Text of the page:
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    (Nice avatar)
    mm
     
  18. paddoboy Valued Senior Member

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    I certainly asked a legitimate question, but certainly did not receive an answer correct or relevant to, or even encompassed by acceptable scientific laws and methodology.
    Unicorns, Centaurs and heaven are not scientific concepts, simple as that.


    Time is far more then just organizing reality....Time along with space, emerged and evolved from the BB.
    Time along with space, spacetime, gravity, matter, energy are all real concepts and each are dependent on each other, and as real as each other.
    To dismiss one, is to dismiss all.
     
  19. paddoboy Valued Senior Member

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    21,647
    Since according to our BB/Inflationary model, time along with space, evolved from that moment, and everything else was emergent from that, I say my logic is pretty sound.



    I see you as complicating the issue. Time must exist [because according to the BB] time was that along with space that first evolved. Everything else came later.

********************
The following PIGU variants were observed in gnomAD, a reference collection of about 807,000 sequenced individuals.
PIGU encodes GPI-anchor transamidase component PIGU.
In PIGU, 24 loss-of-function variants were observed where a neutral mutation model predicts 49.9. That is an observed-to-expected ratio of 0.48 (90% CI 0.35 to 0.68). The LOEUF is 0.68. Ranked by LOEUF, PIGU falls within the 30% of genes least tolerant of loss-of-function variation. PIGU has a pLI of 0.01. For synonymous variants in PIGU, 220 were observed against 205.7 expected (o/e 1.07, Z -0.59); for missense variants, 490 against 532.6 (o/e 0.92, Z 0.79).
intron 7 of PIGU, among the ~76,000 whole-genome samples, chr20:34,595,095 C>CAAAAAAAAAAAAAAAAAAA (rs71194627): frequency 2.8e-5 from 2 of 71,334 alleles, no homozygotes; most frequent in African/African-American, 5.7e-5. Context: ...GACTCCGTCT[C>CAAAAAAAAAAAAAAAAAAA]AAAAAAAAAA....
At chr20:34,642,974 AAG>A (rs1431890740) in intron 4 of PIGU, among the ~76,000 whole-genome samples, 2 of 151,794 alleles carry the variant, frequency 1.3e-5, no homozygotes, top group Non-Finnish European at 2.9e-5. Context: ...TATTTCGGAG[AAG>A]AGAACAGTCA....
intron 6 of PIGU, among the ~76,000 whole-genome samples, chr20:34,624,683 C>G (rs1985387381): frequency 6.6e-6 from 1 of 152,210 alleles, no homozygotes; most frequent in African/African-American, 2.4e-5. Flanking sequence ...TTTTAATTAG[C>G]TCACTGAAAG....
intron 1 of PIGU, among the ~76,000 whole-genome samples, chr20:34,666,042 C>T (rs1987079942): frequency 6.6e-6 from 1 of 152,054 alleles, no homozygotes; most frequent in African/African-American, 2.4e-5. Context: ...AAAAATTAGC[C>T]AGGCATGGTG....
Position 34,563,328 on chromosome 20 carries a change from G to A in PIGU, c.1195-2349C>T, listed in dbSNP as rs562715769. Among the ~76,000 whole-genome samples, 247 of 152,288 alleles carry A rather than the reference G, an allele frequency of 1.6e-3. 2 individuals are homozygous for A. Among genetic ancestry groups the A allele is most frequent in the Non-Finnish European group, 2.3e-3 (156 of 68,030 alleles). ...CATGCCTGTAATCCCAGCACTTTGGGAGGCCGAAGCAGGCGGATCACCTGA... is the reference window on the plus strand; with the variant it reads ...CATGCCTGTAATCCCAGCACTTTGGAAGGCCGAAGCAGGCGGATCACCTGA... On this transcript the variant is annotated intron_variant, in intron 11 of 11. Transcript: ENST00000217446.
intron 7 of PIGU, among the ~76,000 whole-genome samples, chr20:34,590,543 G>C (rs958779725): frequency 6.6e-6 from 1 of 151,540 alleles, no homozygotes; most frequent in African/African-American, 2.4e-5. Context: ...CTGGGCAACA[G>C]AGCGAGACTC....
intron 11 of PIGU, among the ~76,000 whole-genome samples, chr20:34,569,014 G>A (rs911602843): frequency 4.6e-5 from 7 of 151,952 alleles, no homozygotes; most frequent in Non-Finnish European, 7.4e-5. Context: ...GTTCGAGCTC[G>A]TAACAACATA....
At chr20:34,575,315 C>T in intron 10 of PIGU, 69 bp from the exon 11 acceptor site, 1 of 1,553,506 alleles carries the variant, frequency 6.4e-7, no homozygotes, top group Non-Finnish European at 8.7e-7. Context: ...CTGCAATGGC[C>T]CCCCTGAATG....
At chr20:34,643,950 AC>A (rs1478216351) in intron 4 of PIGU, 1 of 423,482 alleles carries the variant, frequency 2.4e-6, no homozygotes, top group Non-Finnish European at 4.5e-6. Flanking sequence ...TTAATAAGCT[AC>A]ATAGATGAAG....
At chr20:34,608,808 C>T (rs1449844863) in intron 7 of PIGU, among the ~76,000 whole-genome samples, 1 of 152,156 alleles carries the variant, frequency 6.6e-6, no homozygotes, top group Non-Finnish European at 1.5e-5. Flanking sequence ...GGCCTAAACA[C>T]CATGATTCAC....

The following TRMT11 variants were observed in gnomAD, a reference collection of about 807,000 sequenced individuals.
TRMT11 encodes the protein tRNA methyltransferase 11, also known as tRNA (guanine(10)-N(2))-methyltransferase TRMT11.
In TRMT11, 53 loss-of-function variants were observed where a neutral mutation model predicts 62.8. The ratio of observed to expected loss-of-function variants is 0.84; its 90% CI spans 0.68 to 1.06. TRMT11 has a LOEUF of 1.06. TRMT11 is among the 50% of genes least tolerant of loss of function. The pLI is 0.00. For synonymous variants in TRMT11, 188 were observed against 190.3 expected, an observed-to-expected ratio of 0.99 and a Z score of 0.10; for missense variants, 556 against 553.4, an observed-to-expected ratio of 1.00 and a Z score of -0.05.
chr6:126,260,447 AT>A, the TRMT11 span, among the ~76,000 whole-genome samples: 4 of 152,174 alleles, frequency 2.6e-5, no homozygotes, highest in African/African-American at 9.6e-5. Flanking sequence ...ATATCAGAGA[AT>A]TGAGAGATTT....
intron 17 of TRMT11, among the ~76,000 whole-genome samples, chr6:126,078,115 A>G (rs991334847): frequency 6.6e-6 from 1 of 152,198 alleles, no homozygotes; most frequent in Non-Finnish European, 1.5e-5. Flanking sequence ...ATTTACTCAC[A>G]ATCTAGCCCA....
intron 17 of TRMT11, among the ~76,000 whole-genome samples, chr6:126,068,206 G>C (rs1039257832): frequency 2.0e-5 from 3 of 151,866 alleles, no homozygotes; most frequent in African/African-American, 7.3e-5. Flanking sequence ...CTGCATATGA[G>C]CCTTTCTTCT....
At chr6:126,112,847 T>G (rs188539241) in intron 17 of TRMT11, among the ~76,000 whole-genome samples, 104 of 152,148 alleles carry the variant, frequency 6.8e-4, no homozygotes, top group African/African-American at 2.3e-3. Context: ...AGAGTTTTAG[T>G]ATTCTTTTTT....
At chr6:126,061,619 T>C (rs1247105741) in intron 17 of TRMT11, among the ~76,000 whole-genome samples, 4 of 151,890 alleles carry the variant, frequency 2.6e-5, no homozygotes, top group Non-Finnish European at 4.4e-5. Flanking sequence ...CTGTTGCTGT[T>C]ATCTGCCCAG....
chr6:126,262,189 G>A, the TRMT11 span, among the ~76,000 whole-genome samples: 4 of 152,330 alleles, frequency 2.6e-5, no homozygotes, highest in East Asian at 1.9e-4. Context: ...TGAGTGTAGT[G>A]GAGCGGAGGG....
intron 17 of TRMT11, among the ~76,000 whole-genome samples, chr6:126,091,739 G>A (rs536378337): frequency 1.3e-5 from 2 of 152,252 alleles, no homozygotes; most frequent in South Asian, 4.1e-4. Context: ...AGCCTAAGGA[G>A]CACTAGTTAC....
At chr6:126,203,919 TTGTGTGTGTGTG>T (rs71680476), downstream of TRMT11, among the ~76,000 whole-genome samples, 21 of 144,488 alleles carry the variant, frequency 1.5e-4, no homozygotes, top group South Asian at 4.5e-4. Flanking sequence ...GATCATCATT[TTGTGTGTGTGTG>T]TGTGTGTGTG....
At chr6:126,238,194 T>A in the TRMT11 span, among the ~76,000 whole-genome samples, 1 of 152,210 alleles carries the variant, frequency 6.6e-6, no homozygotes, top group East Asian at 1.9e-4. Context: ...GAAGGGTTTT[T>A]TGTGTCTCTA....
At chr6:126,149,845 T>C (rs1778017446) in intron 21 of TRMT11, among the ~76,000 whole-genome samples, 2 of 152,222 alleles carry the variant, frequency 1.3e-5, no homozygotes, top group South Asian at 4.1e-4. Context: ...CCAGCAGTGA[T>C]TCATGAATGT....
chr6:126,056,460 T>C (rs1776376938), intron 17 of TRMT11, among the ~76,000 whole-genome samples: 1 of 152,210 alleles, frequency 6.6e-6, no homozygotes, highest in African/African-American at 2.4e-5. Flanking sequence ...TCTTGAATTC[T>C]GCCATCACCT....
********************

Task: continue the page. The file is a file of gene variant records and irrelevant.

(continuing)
Science does not pretend to understand all accepted models of cosmology.Our understanding of the BB, DM and DE are just three aspects of that.
    I've given "my view" certainly on why I think time exists, as have Carroll and Smolin and other links I have supplied.
    I admit the subject of time is open for debate, which includes your own "view" as to why you disagree. :shrug:


    In general science does not deal in proofs, But in my opinion I have given plenty of evidence as to why I think that time does exist, and I believe that to be a logical conclusion based on common sense.
     
  20. krash661 [MK6] transitioning scifi to reality Valued Senior Member

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    you won't find ANYONE in public society to show evidence.
    they do not have the ability to work on such a level.
    including mainstream.
    you also need to understand, time is a physical state entity.
     
  21. OnlyMe Valued Senior Member

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    An example please!
     
  22. Landau Roof Registered Senior Member

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  23. Saint Valued Senior Member

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    Is time just a perception of our mind, time indeed does not exist?